Yes, applicants are able to assign documents after file review opens. However, it is up to each program to decide if it will consider documents that arrive after file review begins and this information should be included in the program description. If it is a program’s policy to accept late documents, it is the responsibility of the program administrator to inform file reviewers about documents that have arrived and to ensure they are considered.
How does the interview process work?
Individual programs make all the decisions about who and when they interview. Program office personnel arrange interviews directly with applicants and it is entirely up to programs to decide who they want to invite for an interview. Invitations to interviews are not tracked or recorded in any way by CaRMS. Interview invitations will most likely be sent by email, so applicants should make sure their inbox is set-up to receive bulk messages.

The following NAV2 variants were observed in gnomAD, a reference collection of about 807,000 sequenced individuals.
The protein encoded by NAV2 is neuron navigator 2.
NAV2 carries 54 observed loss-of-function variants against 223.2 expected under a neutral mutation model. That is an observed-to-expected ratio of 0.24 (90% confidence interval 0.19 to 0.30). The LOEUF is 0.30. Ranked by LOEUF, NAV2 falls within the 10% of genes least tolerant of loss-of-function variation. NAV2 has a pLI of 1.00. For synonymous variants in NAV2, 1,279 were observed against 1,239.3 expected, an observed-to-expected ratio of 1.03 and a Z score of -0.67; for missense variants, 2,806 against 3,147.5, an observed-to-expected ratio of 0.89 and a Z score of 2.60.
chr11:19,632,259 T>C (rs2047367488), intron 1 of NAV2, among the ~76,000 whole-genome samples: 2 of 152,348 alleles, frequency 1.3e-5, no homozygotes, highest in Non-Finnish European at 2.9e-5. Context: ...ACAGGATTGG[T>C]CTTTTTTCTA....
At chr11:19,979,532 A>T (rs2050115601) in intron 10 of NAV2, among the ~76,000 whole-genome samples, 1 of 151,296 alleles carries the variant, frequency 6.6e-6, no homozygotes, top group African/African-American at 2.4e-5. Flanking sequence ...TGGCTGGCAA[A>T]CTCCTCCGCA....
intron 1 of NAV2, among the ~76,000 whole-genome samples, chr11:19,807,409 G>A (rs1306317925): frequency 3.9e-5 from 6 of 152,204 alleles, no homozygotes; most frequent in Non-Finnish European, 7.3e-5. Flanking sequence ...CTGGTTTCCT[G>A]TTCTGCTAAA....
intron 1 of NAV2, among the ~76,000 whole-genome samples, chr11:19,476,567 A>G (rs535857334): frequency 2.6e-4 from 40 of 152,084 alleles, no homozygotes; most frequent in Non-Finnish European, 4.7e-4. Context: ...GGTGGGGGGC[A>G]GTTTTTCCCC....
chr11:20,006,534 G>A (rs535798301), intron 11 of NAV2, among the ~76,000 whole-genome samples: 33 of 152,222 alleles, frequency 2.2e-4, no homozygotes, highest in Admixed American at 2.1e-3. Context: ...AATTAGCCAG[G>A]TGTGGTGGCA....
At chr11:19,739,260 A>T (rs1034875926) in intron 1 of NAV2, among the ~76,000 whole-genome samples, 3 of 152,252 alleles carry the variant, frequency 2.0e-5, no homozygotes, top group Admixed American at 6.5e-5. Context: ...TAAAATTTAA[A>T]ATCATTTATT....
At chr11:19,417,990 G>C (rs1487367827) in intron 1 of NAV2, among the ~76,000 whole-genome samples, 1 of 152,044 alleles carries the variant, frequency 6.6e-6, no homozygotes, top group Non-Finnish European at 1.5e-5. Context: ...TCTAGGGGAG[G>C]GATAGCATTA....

How does ranking work?
After all applications have been reviewed and evaluated, programs must determine the order of preference for applicants by first determining who they are going to rank and then ranking them from most preferred to least preferred. Programs are not obligated to rank applicants they are not willing to train. Applicants also rank their desired programs in order of preference. These lists are called rank order lists (ROLs) and they are the only true determinants of a match outcome.